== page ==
Objectives: Clozapine, an atypical antipsychotic used to treat people with schizophrenia, has been proposed as a possible treatment for salivary gland hypofunction. This scoping review investigated the available literature on clozapine’s impact on salivary flow, in order to determine whether it could be used by dental practitioners in low doses as a treatment for dry mouth. Data sources: An electronic search was completed using Ovid MEDLINE (1996 to Nov 2021). Key MeSH search terms included “clozapine,” “Clozaril,” “salivation,” “salivary flow rate,” “sialorrhea,” “hypersalivation,” and “drooling.” Two reviewers independently reviewed eligible articles and extracted the data based on the inclusion and exclusion criteria.
Schlagwörter: clozapine, clozapine-induced hypersalivation, salivation, salivary gland, xerostomia
Results: The initial search identified 129 studies, six of which were included in this review. Four of them (one cross-sectional and three interventional) described salivary flow rates in schizophrenic patients taking clozapine, while one of those and two others focused on the mechanism of clozapine-induced sialorrhea, with one study covering both. There were mixed findings, with one study observing a moderate association between clozapine dose and salivary flow, and the others reporting no differences. Findings on the putative mechanisms for clozapine-induced sialorrhea (CIS) were inconclusive.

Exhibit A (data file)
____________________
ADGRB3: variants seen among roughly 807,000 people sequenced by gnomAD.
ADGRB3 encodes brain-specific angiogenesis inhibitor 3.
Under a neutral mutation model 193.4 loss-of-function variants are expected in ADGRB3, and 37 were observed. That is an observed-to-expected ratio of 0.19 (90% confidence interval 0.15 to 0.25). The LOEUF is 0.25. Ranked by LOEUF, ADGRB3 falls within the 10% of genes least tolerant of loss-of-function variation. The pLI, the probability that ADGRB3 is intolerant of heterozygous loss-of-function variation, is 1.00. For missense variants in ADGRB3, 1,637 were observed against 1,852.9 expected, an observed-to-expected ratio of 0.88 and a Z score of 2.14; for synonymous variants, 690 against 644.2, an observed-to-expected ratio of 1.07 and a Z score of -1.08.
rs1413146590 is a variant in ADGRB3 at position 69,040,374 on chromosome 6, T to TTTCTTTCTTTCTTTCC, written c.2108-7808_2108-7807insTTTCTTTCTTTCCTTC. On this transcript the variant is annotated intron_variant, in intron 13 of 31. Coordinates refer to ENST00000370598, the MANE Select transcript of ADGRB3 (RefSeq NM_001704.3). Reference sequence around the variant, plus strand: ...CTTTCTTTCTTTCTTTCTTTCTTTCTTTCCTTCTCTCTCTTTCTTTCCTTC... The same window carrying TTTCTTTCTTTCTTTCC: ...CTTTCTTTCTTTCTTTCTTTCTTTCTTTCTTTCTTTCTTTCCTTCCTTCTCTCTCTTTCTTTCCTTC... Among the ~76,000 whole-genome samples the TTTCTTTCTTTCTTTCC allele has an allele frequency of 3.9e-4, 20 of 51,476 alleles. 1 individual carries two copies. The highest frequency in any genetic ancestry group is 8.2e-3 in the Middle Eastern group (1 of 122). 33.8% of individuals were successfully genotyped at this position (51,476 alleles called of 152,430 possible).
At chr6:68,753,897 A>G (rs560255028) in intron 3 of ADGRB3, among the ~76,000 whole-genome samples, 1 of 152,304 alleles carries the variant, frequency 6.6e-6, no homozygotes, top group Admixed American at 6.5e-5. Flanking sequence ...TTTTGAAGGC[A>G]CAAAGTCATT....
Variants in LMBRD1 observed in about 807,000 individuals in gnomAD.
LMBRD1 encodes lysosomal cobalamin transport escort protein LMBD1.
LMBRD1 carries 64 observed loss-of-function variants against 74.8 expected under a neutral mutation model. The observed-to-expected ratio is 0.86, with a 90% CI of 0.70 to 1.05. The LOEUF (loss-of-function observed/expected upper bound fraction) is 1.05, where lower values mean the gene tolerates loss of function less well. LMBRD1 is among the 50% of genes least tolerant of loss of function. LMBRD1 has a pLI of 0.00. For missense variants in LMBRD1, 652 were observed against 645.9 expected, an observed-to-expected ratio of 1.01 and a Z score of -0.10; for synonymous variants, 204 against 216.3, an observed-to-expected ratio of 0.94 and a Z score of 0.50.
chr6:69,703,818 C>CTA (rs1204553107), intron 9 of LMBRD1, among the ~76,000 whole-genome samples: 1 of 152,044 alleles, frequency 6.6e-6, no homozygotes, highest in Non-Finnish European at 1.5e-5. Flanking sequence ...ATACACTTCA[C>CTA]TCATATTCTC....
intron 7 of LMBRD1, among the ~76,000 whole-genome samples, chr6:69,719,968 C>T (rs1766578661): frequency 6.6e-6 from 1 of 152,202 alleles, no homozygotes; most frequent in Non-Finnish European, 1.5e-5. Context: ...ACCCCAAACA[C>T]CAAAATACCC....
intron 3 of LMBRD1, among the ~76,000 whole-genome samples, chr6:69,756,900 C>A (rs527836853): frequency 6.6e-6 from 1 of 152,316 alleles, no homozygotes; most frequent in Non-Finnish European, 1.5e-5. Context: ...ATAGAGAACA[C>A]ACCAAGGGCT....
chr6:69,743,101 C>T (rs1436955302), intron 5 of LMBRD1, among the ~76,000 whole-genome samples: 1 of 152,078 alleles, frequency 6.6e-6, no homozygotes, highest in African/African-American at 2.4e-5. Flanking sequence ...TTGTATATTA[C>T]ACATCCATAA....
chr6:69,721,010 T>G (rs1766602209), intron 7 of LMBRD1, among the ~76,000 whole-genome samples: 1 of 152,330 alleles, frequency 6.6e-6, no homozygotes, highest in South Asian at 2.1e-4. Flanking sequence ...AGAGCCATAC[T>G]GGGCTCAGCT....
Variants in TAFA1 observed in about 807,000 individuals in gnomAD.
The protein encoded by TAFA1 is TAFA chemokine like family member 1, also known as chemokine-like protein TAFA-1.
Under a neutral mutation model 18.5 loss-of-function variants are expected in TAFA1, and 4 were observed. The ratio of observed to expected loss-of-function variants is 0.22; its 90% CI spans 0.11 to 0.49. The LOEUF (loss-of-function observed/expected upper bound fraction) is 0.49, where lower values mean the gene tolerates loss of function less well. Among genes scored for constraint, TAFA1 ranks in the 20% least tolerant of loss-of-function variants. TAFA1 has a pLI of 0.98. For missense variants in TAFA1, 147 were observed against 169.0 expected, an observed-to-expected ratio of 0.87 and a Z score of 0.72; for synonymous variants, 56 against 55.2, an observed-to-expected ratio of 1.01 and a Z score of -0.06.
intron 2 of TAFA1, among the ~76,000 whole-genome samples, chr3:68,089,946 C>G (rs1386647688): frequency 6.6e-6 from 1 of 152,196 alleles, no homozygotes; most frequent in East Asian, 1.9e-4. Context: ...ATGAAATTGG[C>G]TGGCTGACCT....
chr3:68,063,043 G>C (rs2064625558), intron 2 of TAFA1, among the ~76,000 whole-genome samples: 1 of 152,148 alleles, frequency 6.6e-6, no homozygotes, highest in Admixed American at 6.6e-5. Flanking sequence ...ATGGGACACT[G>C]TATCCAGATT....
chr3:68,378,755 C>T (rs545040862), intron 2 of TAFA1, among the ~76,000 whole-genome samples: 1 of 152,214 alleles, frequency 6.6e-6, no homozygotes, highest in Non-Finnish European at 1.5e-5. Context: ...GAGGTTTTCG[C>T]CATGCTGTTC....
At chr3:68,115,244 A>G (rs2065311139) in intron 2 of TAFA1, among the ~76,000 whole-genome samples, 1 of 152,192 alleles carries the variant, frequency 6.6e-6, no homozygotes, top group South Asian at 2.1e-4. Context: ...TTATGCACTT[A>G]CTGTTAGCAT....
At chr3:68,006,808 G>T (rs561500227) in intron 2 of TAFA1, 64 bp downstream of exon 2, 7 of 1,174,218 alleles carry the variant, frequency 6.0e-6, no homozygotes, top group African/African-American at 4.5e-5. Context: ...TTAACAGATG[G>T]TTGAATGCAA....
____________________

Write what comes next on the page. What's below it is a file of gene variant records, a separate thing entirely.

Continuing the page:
Conclusion: There is insufficient high-quality information to justify using low-dose clozapine to increase salivary flow in dental patients with salivary gland hypofunction. Well-designed interventional studies and randomized control trials are required.